Many of the import bikes we’ve looked at recently have gone for a look inspired by the British cafe racer era.
AJS goes one better.
This company’s roots go back to Wolverhampton in 1909, where they were once a part of the Norton Villiers group. And the brothers that founded the company did so to race in the Isle of Mann TT.
Through these associations, AJS is directly linked to some of the most iconic motorcycle designs in British history.
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Where Are AJS Made?
This very English pedigree is evident in the looks of the AJS range. And at a glance, you’d be forgiven for thinking this was produced in the UK. But, like the other import bikes we’ve been looking at, these are manufactured in China.
Like we’re often at pains to get across – made in China is no longer the death sentence it once was for motorcycles.
Are AJS Bikes Reliable?
The short answer is yes. But we’ll break that down further. The current line-up of AJS bikes has been on the market since about 2012 (with changes like linked brakes and fuel injection being introduced with the Euro 5 regulations). If you go back to forum posts from this time, you’ll find a small list of complaints.
Mostly, they are minor but annoying issues – electric starter not working in the rain, switchgear failing after less than a year, and other issues stemming from quality control. But these complaints get fewer and fewer as we check more recent reviews.
Other publications have pointed out the extraordinary pace of improvement in Chinese motorcycle manufacture. And it really is incredible. In a few short years, they’ve almost changed the narrative – almost.
The level of finish and quality control on display in AJS current line-up might not be up to the big three. But it’s decent, and parts are easy to find. More and more resellers are carrying AJS in the UK and Ireland as confidence in their reliability improves.
The AJS Line Up
The JSM 50 is essentially a geared moped. And because it falls into this classification, it can be ridden by 16-year-olds or anyone on a full driving license (if you passed your test before 01/02/2001).
What’s fun and unusual here is the 2-stroke engine. 2-strokes are capable of some lively performance – even at lower displacements. Older machines of this type required the rider to premix oil and fuel. Thankfully, the auto-lubrication system takes care of that here so you can focus on riding. A warning light for low oil levels is also included.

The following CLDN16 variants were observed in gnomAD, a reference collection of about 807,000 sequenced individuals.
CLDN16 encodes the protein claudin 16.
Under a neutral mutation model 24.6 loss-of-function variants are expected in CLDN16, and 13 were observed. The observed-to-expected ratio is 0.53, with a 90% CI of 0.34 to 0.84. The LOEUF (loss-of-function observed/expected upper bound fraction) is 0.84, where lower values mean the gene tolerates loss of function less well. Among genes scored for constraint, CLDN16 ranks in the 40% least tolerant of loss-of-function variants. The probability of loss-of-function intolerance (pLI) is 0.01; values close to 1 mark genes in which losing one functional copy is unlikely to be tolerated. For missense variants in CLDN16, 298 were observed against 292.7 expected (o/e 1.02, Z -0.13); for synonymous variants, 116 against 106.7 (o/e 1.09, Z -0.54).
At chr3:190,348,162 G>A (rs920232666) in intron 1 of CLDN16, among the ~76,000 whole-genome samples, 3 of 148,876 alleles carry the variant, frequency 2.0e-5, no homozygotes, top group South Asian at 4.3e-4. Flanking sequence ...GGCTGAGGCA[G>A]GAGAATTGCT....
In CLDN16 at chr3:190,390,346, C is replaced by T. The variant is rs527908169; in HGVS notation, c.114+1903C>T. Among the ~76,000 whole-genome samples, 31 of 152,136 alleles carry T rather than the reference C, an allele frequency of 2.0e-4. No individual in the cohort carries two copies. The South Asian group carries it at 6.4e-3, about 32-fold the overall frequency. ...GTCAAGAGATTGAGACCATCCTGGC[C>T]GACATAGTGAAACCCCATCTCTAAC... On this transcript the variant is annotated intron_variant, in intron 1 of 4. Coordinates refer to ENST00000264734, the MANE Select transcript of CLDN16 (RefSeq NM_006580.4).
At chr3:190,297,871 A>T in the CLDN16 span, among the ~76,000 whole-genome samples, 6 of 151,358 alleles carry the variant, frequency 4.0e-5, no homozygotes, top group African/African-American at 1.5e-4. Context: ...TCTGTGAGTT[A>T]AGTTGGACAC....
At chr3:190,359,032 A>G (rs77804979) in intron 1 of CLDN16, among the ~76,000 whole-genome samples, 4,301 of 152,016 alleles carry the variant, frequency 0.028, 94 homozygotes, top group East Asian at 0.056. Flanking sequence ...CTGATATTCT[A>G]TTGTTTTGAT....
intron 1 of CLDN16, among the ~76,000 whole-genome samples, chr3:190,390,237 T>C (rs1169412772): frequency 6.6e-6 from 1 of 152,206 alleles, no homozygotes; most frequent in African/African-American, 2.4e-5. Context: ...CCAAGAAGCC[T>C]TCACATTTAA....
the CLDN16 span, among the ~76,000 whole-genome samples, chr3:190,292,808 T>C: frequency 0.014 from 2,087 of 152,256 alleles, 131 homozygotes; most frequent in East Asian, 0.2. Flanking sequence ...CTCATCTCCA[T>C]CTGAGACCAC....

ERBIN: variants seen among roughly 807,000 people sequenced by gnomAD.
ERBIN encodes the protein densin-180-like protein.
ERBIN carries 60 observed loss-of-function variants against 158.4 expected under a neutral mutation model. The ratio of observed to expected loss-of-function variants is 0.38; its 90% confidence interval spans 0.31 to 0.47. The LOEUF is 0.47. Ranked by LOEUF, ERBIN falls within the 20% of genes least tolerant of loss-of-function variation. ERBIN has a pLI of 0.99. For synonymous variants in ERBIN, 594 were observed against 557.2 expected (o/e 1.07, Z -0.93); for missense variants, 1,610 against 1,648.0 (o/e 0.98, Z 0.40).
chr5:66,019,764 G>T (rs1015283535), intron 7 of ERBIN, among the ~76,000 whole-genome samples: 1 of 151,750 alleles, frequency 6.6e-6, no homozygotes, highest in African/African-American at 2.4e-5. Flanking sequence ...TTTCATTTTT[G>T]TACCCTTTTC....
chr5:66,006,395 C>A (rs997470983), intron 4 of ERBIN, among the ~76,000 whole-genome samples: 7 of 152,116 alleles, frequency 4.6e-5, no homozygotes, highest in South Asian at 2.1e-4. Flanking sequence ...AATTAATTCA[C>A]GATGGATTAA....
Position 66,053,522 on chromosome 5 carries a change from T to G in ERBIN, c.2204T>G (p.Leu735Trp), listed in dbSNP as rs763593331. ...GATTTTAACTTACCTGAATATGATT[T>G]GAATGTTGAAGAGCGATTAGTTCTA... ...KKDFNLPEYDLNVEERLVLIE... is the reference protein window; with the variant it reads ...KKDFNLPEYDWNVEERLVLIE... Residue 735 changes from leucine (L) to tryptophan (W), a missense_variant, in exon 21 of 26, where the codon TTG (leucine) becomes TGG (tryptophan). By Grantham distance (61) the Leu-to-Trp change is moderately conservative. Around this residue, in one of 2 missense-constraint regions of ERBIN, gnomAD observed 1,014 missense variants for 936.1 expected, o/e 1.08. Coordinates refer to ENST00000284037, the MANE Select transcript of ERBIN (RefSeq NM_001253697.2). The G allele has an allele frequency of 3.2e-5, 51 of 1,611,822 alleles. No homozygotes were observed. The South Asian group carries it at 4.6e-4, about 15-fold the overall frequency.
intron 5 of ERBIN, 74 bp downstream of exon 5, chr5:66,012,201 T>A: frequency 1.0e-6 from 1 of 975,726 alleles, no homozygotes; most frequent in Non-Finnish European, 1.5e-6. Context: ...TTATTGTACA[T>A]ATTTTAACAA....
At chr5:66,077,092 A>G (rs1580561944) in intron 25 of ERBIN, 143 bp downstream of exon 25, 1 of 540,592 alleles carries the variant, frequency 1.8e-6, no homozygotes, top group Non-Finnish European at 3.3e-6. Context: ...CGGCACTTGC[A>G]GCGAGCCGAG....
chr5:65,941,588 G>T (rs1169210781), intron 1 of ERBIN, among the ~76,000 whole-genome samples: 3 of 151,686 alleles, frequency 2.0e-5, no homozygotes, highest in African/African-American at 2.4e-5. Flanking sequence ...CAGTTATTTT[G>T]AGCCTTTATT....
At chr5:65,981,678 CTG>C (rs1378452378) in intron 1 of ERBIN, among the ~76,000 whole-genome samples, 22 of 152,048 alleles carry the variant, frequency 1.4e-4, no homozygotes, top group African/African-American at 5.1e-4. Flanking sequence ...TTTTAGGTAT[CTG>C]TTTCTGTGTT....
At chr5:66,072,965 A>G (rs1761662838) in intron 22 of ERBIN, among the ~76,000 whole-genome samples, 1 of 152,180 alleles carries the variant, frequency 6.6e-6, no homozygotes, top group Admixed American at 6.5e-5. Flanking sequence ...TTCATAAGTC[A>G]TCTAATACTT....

Six gears and a hand clutch will help the rider develop skills for when they progress to larger, geared motorcycles. All in all, this is a fun option for 16-year-olds or older people looking for a runaround.
AJS Cadwell 125cc
The Cadwell is a cafe racer through and through. There’s some of the company’s DNA in the Norton-inspired tank shape, the bump seat, and the clip-on handlebars. At a glance, this doesn’t look much different from what the AJS brand was known for fifty years ago.
However, underneath the admittedly beautiful aesthetic, this is a bog-standard 125cc commuter. And that’s OK.
It looks great, its 4-stroke engine runs smoothly, and it feels fun to ride. Sure, it’s underpowered, even for a 125. But when you weigh so little and look this good, why go too fast?
This is a great option for 17-year-olds looking for their first bike – great fuel economy, killer looks, and reliable switchgear and components.
The brakes are decent too. It uses discs, front and rear. The back one is a standard issue but does the job. However, the front brake uses a four-pot calliper and does an excellent job of stopping.
The star of the show is undoubtedly the styling and detail. This goes well above the usual level of import bikes. Pin lines, chrome, gators, paint, and components have all been chosen carefully to deliver a very specific look. And it does this spectacularly.
Tempest Roadster 125 cc
The Tempest Roadster is another lightweight commuter with a classic cafe-inspired look. Like the Cadwell, under the aesthetics, this is just a solid little commuter 125. But those aesthetics work.
The seating position here is relaxed and comfortable – perfect for urban commutes or weekend trips to the country. And while the performance isn’t spectacular, the handling makes filtering and zipping down lanes a lot of fun.
The Tempest Roadster is a sound first bike for a few reasons. Not least of which is how easy they are to manoeuvre, park, and lift off the centre stand. These things can intimidate newcomers, particularly those who aren’t very physically strong. This is a lightweight, non-intimidating experience.
A luggage rack compatible with most boxes is available as an affordable extra. The range of optional extras includes racing style side panels, clip-on handlebars and a club man-style seat.